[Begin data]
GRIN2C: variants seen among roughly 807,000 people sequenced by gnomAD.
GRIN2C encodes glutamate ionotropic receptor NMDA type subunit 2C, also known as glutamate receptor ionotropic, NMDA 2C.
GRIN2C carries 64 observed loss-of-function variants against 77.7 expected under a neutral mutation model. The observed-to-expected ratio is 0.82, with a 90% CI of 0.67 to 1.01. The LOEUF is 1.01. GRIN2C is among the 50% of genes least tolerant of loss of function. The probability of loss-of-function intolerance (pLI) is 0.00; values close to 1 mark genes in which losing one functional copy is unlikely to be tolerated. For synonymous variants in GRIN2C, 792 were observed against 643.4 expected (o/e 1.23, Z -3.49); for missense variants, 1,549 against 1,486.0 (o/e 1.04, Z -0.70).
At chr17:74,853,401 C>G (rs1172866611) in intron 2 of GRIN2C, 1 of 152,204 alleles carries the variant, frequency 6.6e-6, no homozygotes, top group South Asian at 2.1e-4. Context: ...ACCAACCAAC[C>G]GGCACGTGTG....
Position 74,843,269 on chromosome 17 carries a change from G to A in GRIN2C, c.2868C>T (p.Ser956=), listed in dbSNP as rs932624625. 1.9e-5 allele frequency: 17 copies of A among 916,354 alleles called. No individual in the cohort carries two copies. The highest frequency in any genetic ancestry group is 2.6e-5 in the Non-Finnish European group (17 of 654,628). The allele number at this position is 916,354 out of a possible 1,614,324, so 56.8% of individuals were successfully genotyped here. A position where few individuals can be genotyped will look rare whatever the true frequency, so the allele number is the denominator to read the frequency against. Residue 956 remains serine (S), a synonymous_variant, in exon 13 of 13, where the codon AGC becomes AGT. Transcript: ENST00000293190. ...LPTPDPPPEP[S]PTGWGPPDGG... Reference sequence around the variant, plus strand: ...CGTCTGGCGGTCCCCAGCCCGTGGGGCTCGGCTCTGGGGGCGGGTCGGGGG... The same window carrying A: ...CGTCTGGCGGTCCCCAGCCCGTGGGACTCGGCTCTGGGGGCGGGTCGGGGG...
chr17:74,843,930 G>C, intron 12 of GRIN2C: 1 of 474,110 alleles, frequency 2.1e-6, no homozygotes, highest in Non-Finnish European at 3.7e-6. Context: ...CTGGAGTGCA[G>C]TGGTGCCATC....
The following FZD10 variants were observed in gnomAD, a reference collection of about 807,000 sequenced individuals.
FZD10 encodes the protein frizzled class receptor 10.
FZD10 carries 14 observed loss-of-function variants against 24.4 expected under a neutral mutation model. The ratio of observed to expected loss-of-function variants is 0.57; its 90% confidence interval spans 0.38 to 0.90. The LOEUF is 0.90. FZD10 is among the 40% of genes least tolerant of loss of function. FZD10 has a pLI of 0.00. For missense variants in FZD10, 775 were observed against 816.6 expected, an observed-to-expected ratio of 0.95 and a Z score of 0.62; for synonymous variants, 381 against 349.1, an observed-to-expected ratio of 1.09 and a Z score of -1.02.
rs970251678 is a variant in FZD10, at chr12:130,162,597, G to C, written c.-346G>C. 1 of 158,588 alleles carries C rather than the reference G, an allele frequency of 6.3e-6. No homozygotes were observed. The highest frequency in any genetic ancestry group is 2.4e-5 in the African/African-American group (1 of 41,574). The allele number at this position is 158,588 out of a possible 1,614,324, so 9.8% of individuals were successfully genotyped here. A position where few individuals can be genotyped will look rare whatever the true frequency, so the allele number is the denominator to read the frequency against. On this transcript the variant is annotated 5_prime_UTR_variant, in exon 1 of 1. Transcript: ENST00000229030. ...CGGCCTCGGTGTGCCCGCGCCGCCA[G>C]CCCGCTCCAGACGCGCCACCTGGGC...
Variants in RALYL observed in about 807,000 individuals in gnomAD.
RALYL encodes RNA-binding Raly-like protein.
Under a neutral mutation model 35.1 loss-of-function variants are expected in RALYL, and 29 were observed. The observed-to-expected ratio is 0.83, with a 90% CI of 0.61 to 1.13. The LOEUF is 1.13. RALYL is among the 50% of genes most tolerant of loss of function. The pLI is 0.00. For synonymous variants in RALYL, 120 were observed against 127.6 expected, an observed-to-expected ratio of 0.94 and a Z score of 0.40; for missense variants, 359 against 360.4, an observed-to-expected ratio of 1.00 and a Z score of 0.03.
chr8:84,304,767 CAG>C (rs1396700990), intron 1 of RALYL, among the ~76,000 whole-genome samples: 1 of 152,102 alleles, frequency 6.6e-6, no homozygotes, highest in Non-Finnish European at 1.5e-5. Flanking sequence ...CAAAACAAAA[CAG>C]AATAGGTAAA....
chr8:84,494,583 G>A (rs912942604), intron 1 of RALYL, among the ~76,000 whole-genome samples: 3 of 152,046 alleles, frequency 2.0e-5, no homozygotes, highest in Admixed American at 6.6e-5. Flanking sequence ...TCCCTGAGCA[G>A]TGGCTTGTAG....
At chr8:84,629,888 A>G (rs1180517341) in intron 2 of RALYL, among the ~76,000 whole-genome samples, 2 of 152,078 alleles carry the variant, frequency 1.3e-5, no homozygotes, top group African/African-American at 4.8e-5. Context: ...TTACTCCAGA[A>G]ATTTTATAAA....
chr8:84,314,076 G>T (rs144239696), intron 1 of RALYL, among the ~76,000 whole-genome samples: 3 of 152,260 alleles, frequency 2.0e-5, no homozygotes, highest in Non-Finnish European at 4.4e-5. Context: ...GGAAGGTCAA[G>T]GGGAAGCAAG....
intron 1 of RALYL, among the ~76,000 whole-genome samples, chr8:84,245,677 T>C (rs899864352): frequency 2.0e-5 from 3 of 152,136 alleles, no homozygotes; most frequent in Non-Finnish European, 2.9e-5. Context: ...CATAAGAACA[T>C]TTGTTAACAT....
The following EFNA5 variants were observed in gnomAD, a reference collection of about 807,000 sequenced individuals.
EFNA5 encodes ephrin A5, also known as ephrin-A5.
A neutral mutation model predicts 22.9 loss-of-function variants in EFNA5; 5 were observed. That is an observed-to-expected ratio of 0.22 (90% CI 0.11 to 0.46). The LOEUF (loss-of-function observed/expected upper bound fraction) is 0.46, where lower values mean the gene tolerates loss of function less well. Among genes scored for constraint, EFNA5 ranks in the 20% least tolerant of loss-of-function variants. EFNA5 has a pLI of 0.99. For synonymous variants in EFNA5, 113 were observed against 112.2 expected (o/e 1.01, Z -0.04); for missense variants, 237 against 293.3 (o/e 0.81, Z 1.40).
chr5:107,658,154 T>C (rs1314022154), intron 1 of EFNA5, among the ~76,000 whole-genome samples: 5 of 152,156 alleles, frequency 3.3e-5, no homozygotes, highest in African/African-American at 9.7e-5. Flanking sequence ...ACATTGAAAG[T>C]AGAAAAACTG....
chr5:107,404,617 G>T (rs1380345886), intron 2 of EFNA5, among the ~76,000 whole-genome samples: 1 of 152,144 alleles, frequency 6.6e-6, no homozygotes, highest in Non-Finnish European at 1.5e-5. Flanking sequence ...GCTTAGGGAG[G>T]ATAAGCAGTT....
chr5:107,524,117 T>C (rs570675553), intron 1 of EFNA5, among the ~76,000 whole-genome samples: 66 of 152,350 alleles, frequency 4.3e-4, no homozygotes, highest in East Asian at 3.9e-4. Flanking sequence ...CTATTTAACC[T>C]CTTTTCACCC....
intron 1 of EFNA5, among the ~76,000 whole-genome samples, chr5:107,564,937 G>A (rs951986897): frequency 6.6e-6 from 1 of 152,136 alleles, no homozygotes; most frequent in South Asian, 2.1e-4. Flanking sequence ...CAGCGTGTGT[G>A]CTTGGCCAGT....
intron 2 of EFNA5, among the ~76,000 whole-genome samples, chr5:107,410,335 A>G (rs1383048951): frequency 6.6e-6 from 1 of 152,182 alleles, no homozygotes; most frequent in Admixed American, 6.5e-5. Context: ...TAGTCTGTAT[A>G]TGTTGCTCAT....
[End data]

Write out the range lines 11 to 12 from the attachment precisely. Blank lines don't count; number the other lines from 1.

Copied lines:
Variants in RALYL observed in about 807,000 individuals in gnomAD.
RALYL encodes RNA-binding Raly-like protein.